Read more wilderness regulations, including permits info and no-camping zones, at: https://www.nps.gov/yose/planyourvisit/wildregs.htm

– – – – – – – – – – – – – – – – – – – – – – – – – – – – – – – – – – –

PS. 36 CFR §2.15 –


1) The following structures and/or areas are closed to the possession of pets:

All trails.

•Non-developed and designated Wilderness areas.

•Specific areas as posted by signs.

•O’Shaughnessy Dam

•Camp 4 and backpackers’ campgrounds

•When snow depth is sufficient for skiing, pets are not permitted on unplowed roads

The following structures and/or areas are open to the possession of pets:
. . . When leashed, on fully paved roads, paved sidewalks, and bicycle pathways. . .

“Individuals leaving pets unattended or in violation of California Penal Code 597.7(a) are subject to immediate impoundment of their property/pet.”

Not every rule is in the compendium. Read more about pets at: https://www.nps.gov/yose/planyourvisit/pets.htm, which includes ” pets must be restrained on a leash not more than six feet long or otherwise physically restrained”

You can find wild animals anywhere in the park and do not want your dog to personally meet one of them, such as this bobcat on a path at a Yosemite hotel:

bobcat walking on a pathway

or this coyote walking just outside the fence at a Yosemite swimming pool:

coyote behind fence railings

or even more fun, picture your off leash dog wanting to greet a skunk, such as this one on the grounds of a Yosemite hotel (photo courtesy of Harold (Harry) Bradbury):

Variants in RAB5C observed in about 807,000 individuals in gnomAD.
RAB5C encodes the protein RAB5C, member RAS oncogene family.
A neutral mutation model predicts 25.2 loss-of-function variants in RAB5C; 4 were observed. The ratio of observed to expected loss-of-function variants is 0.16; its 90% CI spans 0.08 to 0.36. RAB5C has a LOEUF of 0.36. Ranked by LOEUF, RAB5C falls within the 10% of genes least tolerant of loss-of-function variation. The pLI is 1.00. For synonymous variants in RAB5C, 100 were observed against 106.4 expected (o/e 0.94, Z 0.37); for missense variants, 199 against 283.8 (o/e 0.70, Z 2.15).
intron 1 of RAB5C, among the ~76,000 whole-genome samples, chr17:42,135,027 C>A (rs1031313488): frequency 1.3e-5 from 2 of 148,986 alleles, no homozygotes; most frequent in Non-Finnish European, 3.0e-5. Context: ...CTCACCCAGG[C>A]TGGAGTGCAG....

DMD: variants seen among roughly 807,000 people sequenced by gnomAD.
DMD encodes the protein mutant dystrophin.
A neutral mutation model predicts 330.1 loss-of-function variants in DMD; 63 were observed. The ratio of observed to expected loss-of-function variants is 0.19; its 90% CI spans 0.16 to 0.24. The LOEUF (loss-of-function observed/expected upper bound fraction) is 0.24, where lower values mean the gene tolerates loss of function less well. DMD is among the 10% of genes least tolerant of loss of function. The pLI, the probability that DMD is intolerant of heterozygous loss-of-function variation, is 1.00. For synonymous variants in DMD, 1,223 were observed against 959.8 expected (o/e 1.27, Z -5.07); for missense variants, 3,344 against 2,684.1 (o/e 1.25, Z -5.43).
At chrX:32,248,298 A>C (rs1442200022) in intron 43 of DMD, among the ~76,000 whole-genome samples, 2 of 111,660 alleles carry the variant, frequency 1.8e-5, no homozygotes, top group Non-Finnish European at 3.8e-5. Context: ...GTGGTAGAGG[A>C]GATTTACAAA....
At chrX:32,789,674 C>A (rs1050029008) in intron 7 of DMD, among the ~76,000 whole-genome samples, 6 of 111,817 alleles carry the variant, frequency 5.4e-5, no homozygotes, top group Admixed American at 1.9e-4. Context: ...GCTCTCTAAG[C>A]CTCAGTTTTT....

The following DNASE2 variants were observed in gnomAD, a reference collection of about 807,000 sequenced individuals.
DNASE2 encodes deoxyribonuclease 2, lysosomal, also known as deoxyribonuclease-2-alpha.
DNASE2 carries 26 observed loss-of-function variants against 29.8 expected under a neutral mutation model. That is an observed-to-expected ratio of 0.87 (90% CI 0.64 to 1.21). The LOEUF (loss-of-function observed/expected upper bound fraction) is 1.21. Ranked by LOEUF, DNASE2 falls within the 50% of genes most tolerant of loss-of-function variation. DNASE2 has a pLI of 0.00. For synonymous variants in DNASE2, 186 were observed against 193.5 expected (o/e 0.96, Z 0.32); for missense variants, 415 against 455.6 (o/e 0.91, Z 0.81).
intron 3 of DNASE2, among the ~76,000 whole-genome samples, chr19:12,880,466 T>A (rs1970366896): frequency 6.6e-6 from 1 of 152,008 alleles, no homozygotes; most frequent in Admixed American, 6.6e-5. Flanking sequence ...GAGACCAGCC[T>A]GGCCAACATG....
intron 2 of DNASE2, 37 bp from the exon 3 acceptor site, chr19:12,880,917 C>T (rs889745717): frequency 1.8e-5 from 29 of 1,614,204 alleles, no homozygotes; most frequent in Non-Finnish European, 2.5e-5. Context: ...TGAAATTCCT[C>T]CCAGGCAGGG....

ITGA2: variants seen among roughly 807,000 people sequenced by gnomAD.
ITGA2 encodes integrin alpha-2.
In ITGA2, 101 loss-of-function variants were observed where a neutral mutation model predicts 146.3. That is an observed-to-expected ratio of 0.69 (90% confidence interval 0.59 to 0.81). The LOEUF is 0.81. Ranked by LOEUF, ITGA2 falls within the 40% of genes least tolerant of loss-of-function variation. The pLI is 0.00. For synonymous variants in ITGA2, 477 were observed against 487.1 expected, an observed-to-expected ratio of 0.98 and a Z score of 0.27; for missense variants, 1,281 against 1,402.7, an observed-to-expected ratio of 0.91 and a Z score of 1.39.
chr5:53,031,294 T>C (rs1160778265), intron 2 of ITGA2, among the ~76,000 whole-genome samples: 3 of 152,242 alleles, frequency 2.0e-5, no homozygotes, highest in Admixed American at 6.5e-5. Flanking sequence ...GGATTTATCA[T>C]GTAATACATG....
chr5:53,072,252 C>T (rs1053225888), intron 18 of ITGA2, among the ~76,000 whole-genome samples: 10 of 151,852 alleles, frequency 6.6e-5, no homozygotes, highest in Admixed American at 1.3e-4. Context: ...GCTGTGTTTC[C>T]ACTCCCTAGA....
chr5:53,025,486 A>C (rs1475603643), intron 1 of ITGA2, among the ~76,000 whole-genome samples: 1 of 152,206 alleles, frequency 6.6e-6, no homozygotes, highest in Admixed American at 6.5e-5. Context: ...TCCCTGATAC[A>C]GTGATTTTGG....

skunk photo courtesy of Harold ( Harry) Bradbury

Take the leash off your dog for just a moment and your dog might need a technical rescue, in this case the rescue lasted until after sunset as sleet and rain fell:

lights and ropes

– – – – – – – – – – – – – – – – – – – – – – – – – – – – – – – – – – –

sign wildilfe crossing

36 CFR §4.21 –

SPEED LIMITS (which are all subject to temporary or permanent change, please watch for signage).

“The following speed limits are established for the routes/roads indicated:

•The maximum speed on park roads is 35 mph unless posted otherwise.

•When and where chain controls are in effect, the maximum speed is 25 miles per hour.

•The speed limit approaching and leaving all entrance station areas is 20 miles per hour.

•When the Yosemite Valley special use lane is in effect, the maximum speed is 25 miles per hour on Southside Drive from El Capitan Cross over to Sentinel Cross over when posted.”

and you will find signage at times to remind you to be a courteous driver, as these at free shuttle bus stop number six reminding people to not park in the shuttle bus stop or use the shuttle bus stop to attempt a U Turn. This backed up traffic is quite usual along this entire stretch of road in the afternoon (especially in the summer) when many people are attempting to leave the park at the same time.

cars lined up at bus stop

Yosemite driving regulations from 1913 included:

“Time and speed restrictions: Automobiles are restricted to an approximate speed of 10 miles per hour on rolling mountain country . . .”

“Cars may leave Yosemite Station going out of the valley between the hours of 6 and 7.30 a. m. every morning, but at no other time during the day.”

“Every person presenting a car for admission to the park will be required to satisfy the guard issuing the ticket of passage that the brakes of his automobile are in first-class working order and for this purpose all automobilists will be required to effectually block and skid the rear wheels of their automobiles with either the foot or hand brakes or such other brakes as may be a part of the equipment of the machine.”